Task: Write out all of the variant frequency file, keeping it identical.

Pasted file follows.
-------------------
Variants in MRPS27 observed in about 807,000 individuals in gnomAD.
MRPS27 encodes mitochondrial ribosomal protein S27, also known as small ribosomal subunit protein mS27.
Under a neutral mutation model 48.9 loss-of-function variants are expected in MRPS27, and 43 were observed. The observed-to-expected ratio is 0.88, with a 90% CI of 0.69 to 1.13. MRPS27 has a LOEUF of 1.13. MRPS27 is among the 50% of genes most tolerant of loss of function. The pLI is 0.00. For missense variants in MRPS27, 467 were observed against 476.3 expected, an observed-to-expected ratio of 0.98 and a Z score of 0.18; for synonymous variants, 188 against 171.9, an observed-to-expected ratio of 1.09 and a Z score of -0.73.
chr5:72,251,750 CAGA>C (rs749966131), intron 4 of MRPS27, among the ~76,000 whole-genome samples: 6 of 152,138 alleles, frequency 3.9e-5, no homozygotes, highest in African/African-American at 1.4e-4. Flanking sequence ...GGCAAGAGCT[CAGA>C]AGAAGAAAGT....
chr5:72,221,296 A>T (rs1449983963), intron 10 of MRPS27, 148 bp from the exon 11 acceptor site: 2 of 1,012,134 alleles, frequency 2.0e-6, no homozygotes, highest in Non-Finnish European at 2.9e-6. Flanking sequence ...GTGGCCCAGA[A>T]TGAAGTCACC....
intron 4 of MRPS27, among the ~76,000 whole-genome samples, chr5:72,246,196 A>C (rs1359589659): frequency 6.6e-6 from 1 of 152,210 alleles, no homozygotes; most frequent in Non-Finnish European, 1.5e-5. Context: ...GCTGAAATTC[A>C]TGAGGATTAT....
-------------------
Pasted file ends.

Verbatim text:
Variants in MRPS27 observed in about 807,000 individuals in gnomAD.
MRPS27 encodes mitochondrial ribosomal protein S27, also known as small ribosomal subunit protein mS27.
Under a neutral mutation model 48.9 loss-of-function variants are expected in MRPS27, and 43 were observed. The observed-to-expected ratio is 0.88, with a 90% CI of 0.69 to 1.13. MRPS27 has a LOEUF of 1.13. MRPS27 is among the 50% of genes most tolerant of loss of function. The pLI is 0.00. For missense variants in MRPS27, 467 were observed against 476.3 expected, an observed-to-expected ratio of 0.98 and a Z score of 0.18; for synonymous variants, 188 against 171.9, an observed-to-expected ratio of 1.09 and a Z score of -0.73.
chr5:72,251,750 CAGA>C (rs749966131), intron 4 of MRPS27, among the ~76,000 whole-genome samples: 6 of 152,138 alleles, frequency 3.9e-5, no homozygotes, highest in African/African-American at 1.4e-4. Flanking sequence ...GGCAAGAGCT[CAGA>C]AGAAGAAAGT....
chr5:72,221,296 A>T (rs1449983963), intron 10 of MRPS27, 148 bp from the exon 11 acceptor site: 2 of 1,012,134 alleles, frequency 2.0e-6, no homozygotes, highest in Non-Finnish European at 2.9e-6. Flanking sequence ...GTGGCCCAGA[A>T]TGAAGTCACC....
intron 4 of MRPS27, among the ~76,000 whole-genome samples, chr5:72,246,196 A>C (rs1359589659): frequency 6.6e-6 from 1 of 152,210 alleles, no homozygotes; most frequent in Non-Finnish European, 1.5e-5. Context: ...GCTGAAATTC[A>C]TGAGGATTAT....